The jokes flowed thick and fast on social media this month when new research claimed to have found a psychological link between having a small penis and wanting to drive a sports car.

But amongst those jibes about fast cars and men “overcompensating” for their penis, there were questions - namely, why is it still socially acceptable to shame people over penis size and why does the notion that “bigger is better” still persist?

Sexual health specialist Dr Simon Snook says around half of people with penises are unhappy about its size and wish it were bigger for a number of reasons.

“[There’s] the misconception that bigger is better [and] the dysfunctional link between penis size and masculinity or the belief that penis size has a significant effect on sexual pleasure of a partner,” he says.

“Most people believe that the average penis size is larger than it actually is; they also believe that penetrative sex on average lasts longer than it actually does or that penetration alone leads to orgasm for most people with a vagina. 

“The list of misconceptions goes on and on.”

Why do people think bigger is better?

While exposure to porn is likely one reason for these misconceptions, Snook says these ideas were around long before the internet made access to porn much easier.

“Most cultures have an underlying masculine competitive hierarchy. This leads to bragging and exaggeration of sexual prowess and functioning,” he says.

Snook says within that social construct, what people think is a normal penis size is usually inflated. 

He says most people who worry about penis size are concerned about its erect size, so seeing other people with flaccid penises in areas like communal changing rooms doesn’t give them a sense of reality when it comes to erect size.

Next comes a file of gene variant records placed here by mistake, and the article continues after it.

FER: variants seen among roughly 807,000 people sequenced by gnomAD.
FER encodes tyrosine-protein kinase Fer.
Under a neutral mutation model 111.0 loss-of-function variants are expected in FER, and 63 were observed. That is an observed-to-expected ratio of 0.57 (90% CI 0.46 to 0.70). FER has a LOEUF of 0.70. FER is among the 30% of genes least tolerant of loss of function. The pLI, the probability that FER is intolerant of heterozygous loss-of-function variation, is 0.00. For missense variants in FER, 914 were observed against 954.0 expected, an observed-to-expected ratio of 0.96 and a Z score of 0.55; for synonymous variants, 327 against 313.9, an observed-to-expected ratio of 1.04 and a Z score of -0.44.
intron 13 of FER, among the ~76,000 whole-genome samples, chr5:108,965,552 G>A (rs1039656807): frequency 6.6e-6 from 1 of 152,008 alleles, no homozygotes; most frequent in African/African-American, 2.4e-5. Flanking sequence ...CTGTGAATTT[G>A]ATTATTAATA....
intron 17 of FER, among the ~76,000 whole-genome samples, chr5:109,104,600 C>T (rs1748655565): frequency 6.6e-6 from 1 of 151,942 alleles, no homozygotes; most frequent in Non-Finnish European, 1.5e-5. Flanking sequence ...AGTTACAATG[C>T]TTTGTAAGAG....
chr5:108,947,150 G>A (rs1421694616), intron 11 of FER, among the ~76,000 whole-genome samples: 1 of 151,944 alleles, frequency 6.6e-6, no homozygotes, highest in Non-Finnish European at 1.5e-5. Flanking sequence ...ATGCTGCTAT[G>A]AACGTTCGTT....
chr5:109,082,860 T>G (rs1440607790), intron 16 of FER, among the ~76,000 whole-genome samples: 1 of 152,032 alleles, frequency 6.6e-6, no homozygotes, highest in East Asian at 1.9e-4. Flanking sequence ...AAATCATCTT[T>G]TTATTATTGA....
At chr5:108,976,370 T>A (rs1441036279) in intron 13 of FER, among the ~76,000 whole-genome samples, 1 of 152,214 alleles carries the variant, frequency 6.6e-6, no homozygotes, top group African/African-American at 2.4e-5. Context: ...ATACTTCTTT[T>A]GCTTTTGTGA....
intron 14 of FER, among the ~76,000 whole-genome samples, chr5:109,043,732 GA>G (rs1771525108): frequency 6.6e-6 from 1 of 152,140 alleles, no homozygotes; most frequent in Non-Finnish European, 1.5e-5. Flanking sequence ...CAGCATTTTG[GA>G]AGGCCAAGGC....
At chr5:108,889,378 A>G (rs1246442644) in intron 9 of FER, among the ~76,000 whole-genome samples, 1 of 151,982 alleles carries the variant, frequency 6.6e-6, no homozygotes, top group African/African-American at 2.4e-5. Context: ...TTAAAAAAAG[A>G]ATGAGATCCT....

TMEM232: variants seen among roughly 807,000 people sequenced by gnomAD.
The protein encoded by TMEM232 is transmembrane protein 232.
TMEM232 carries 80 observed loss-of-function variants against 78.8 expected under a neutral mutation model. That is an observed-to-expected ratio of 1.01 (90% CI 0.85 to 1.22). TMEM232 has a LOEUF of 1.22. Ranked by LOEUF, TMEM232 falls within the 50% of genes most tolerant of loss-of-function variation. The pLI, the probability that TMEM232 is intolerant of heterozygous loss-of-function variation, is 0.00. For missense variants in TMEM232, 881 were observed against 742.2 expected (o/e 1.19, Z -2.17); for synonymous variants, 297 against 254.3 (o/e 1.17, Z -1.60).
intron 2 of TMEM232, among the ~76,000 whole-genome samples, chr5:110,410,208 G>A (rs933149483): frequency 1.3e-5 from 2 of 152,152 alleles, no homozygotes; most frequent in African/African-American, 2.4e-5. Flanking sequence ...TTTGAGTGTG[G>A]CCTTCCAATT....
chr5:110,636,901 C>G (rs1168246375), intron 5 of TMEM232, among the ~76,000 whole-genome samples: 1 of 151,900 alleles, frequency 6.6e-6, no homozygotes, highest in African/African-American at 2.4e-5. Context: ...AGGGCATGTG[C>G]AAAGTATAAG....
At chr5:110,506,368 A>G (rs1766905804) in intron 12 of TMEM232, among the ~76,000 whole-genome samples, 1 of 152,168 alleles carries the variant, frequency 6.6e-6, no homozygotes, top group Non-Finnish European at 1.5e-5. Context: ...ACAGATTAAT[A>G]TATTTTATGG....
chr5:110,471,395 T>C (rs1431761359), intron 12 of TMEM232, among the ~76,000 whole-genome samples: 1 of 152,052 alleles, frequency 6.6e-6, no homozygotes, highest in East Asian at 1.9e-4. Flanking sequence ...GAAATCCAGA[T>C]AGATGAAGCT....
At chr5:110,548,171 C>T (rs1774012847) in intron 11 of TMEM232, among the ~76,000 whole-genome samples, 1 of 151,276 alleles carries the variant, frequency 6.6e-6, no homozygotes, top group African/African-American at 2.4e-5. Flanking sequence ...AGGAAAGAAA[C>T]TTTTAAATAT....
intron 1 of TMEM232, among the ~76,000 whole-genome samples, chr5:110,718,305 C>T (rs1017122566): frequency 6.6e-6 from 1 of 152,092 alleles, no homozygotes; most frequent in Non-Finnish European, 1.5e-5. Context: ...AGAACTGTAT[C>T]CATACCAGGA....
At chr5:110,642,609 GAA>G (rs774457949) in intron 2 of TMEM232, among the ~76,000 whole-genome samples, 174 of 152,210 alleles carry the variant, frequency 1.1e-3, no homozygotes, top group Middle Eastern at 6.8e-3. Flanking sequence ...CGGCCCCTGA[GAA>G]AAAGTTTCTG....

“However, limited research shows that people who identify as homosexual men have similar levels of discontent over their penis size, despite the fact that they will have comparisons showing that it is normal,” he says.

Snook says it would appear that at some level discontent with penis size is less about thinking it’s smaller than normal, and more to do with wishing to be above average.

“In the end, masculine culture suggests that size matters – penis size, muscle size, and wallet size are all seen as a sign of a male’s position within the tribal hierarchy.”

Dealing with penis anxiety

Snook says anxiety over penis size can affect people’s sex lives.

“People with concern over their penis size are more likely to adapt techniques to ‘hide’ their penis during partnered sex, including a preference for non face-to-face penetration,” he says.

In more extreme cases, small penis anxiety, which is a clinical syndrome, can lead to erectile dysfunction or avoiding sex. 

That anxiety can then morph into general anxiety and depression.

Snook says somebody suffering from small penis anxiety should seek professional help with a therapist. 

But he says a person who simply wishes they had a larger penis should know that its size has little to do with their partner’s sexual pleasure.

“Firstly, for the majority of people with vaginas, sexual pleasure has more to do with other modalities such as fingers, oral sex or toys than the insertion of a penis.

“Secondly, the sensitive regions in a vagina are on the surface and to a maximum of seven centimetres inside … so length really makes little difference.” 

Snook says the same is true for men who have sex with men.

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